Lightfastness. I like this in my inks because I use them in paintings that are hung and exposed to light. (Dyes will fade even in a journal and I use lots of fugitive stuff in my journals, but not in my paintings—and I don’t want two brands of everything in the studio, so I err on the side of lightfast.)

Odorless, or pretty close. No heavy floral scents like the current Brilliance formulation, and nothing really “chemical” in smell. It’s a difficult line to explain. If something has a noticeable smell in 10 seconds of work it usually won’t be something I can work with for 5 to 10 minutes without getting a headache that shuts me down for the day. I can’t afford to lose the time.

Fast-drying. I work fast. I like to stamp or otherwise use the ink (I have a number of ways I use stamp ink) and  then get to work with wet layers right away.

Color range—like everyone I like the colors I like. For me in rubber-stamp inks that means light tints that can work over heavy, dark backgrounds, or saturated colors that will cause text to pop. I need both. And I like sparkly colors as well sometimes.

No bleeding through my favorite papers—I use a lot of really heavy art papers so bleeding is not an issue. However dye based inks tend to bleed easily even through the heaviest of papers. Even some pigment inks will seep through paper. I used Ranger Archival Rubber Stamp ink in my “Minnesota Journal Project 2000” journal and it bled through the paper (a heavy weight card stock) in a couple weeks. It literally kept seeping. That’s what sent me looking for another ink back then. I found Brilliance which didn’t have fragrance when I first started using it in 2000.

My final assessment on this grouping of inks.

You can read the details about the inks I tested on my little chart in one of today’s images.

Since writing those notes I’ve used each ink again to see if the odor still bothers me. I find that the ColorBox inks actually bother me a little more than they did at that first test. I actually worked with them alone for a whole work session and ended with a headache.

Judi also sent me some Liquitext Acrylic Gold Ink. I found that it was more anemic than other gold inks I’ve used and I don’t care for it. (I can’t remember if it had a bad odor or not and I gave the bottle away.)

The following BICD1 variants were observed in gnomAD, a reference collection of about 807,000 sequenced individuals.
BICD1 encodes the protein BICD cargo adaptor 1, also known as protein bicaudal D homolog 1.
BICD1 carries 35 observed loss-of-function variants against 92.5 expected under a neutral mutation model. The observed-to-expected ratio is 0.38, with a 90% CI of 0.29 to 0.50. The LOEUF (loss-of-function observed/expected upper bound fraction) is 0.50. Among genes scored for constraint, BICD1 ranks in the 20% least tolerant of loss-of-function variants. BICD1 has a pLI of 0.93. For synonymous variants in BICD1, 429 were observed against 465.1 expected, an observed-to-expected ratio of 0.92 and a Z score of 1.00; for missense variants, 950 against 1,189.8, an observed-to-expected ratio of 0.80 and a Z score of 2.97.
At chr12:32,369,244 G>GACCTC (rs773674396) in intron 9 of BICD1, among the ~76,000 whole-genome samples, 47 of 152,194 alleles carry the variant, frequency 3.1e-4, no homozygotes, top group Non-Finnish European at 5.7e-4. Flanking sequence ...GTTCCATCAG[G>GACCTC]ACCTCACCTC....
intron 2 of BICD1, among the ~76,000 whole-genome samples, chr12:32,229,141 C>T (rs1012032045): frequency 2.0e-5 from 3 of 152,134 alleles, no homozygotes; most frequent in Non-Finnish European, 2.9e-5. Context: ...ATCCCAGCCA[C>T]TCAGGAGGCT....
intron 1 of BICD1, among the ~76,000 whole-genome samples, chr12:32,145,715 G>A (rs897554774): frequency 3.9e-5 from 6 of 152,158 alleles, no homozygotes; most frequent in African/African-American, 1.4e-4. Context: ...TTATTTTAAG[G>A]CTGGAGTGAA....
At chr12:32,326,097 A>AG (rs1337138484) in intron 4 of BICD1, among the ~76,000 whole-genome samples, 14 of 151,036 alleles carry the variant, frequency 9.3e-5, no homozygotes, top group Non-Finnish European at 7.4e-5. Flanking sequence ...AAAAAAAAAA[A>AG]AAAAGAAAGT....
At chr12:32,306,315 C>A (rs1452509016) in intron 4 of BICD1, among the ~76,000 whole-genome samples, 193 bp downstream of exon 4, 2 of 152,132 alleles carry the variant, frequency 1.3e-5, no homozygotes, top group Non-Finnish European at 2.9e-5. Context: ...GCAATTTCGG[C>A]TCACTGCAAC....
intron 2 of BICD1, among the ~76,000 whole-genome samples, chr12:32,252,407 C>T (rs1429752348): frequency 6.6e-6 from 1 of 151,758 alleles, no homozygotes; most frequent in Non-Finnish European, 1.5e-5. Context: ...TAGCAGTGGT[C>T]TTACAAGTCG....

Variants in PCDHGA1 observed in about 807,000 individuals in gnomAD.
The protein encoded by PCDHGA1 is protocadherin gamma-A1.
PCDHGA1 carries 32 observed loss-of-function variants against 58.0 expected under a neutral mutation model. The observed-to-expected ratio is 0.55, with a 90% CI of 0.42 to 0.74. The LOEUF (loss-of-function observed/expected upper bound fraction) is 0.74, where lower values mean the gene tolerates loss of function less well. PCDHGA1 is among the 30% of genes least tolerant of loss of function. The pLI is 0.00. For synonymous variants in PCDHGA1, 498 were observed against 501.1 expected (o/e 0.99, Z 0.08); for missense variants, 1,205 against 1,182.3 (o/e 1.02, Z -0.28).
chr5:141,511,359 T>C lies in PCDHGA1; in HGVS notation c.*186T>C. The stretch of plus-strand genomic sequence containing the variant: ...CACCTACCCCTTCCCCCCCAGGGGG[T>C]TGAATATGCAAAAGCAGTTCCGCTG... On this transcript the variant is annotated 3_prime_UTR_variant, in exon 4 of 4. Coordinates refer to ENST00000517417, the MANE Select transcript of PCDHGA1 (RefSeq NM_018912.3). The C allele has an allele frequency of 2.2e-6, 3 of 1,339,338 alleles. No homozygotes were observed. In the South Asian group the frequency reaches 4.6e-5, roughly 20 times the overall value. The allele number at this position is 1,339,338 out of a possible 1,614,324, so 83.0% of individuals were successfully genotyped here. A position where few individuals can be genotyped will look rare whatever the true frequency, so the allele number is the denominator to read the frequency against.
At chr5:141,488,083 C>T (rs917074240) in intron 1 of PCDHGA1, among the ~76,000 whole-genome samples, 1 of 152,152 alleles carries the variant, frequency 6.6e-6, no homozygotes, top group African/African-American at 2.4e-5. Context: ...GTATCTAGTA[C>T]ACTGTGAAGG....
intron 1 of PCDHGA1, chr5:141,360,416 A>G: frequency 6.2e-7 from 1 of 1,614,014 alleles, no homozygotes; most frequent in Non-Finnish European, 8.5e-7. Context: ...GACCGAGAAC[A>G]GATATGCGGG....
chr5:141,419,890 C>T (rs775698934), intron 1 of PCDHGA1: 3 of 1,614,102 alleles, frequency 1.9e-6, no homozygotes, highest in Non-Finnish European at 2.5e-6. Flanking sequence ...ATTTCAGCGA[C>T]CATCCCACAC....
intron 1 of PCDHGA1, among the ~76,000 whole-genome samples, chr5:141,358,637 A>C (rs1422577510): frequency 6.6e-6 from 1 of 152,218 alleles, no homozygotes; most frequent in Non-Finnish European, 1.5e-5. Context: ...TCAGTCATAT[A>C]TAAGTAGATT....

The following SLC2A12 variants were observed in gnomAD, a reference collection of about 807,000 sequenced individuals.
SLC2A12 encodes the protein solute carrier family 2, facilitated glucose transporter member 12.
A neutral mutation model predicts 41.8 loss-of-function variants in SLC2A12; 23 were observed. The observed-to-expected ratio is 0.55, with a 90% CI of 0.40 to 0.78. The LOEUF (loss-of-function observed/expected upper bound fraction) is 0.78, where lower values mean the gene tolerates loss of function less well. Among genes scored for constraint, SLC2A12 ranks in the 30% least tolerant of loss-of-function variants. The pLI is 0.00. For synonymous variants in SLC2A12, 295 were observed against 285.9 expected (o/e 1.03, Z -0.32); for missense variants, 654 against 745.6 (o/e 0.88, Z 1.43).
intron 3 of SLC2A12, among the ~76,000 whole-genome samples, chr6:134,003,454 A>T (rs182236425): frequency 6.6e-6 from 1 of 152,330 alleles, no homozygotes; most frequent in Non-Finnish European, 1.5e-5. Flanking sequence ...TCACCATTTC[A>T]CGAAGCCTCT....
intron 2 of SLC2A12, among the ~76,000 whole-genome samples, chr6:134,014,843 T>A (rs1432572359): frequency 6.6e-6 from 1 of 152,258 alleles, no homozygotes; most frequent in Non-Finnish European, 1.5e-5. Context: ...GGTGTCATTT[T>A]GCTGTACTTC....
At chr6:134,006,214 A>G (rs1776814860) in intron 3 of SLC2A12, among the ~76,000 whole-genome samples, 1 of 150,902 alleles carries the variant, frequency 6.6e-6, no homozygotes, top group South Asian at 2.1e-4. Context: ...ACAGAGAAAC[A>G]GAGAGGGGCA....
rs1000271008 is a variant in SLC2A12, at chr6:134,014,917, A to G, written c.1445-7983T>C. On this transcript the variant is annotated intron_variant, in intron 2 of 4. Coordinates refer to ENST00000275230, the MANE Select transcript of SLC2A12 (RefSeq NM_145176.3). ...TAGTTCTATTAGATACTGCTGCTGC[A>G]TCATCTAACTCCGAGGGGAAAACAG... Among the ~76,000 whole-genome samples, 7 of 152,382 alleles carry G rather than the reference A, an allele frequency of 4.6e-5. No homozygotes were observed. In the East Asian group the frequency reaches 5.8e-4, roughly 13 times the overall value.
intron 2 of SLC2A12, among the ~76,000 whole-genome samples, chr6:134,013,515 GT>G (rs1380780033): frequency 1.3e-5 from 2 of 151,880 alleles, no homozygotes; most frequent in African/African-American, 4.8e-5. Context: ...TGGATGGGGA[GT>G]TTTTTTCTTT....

Anxious to help me discover another suitable substitute to Brilliance, and knowing I love sparkly things, Judi also sent me some “Mica Gloss.” It’s an acrylic product that is sparkly, comes in different colors, and can be used to stamp with. Simply put it out on a plastic plate and pounce your stamp into it. Be sure to clean your stamp afterwards as dried acrylic could clog the stamp design. If acrylic paints don’t bother you this might be a solution for you. I found the odor just over the line for my sensitive nose.

To keep my stamps clean I put a plastic plate containing a folded wet paper towel next to me when I work. I stamp the used stamp on the paper towel once or twice and then on a dry paper towel. The stamp gets put away when dry. That works for most inks I use. You might have to clean more vigorously with acrylic products.

What Did I Decide?

What brand am I going with? Memento Luxe for Mixed Media. There is a slight flora scent, but it is slight. Is it more than I would like—Yes. But I can tolerate it. Just barely. This is not a happy replacement, that’s what I’m saying. I have to stamp stuff and walk away, or blow dry it and walk away for a shorter time. I can’t be around it while it dries. That’s not how I like to work, but it’s the only compromise I could come up with.

But for now I will continue with the Memento Luxe for Mixed Media. I’m not using rubber-stamp ink as much as I would like because with the house is set up to shoot new class videos there is no place to put the work for airing out. Not using rubber-stamp ink as much as I would like makes me grumpy.

Dick is a very patient man.

I continue to keep my eyes open for alternative inks.

Or for Tsukineko to wake up and return to the old Brilliance formulation.